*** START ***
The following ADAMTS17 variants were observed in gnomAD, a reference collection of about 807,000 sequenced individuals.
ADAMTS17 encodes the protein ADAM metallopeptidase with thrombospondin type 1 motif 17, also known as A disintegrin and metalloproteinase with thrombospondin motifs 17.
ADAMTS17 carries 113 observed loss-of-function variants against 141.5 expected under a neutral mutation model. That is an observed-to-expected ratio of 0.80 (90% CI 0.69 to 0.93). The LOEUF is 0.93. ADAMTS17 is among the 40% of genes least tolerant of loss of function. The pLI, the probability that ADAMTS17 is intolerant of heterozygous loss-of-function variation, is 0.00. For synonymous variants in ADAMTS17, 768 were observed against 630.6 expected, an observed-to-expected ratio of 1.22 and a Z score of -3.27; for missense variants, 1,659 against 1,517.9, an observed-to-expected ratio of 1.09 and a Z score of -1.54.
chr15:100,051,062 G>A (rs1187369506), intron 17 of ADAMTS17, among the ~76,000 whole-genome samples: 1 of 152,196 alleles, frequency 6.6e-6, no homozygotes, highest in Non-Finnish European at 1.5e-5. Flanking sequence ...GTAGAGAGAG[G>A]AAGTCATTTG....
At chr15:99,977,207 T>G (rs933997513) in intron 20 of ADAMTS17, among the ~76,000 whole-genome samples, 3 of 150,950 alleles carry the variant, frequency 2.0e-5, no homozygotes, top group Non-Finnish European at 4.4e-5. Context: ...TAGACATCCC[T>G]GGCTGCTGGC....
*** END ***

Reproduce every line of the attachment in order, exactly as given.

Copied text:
The following ADAMTS17 variants were observed in gnomAD, a reference collection of about 807,000 sequenced individuals.
ADAMTS17 encodes the protein ADAM metallopeptidase with thrombospondin type 1 motif 17, also known as A disintegrin and metalloproteinase with thrombospondin motifs 17.
ADAMTS17 carries 113 observed loss-of-function variants against 141.5 expected under a neutral mutation model. That is an observed-to-expected ratio of 0.80 (90% CI 0.69 to 0.93). The LOEUF is 0.93. ADAMTS17 is among the 40% of genes least tolerant of loss of function. The pLI, the probability that ADAMTS17 is intolerant of heterozygous loss-of-function variation, is 0.00. For synonymous variants in ADAMTS17, 768 were observed against 630.6 expected, an observed-to-expected ratio of 1.22 and a Z score of -3.27; for missense variants, 1,659 against 1,517.9, an observed-to-expected ratio of 1.09 and a Z score of -1.54.
chr15:100,051,062 G>A (rs1187369506), intron 17 of ADAMTS17, among the ~76,000 whole-genome samples: 1 of 152,196 alleles, frequency 6.6e-6, no homozygotes, highest in Non-Finnish European at 1.5e-5. Flanking sequence ...GTAGAGAGAG[G>A]AAGTCATTTG....
At chr15:99,977,207 T>G (rs933997513) in intron 20 of ADAMTS17, among the ~76,000 whole-genome samples, 3 of 150,950 alleles carry the variant, frequency 2.0e-5, no homozygotes, top group Non-Finnish European at 4.4e-5. Context: ...TAGACATCCC[T>G]GGCTGCTGGC....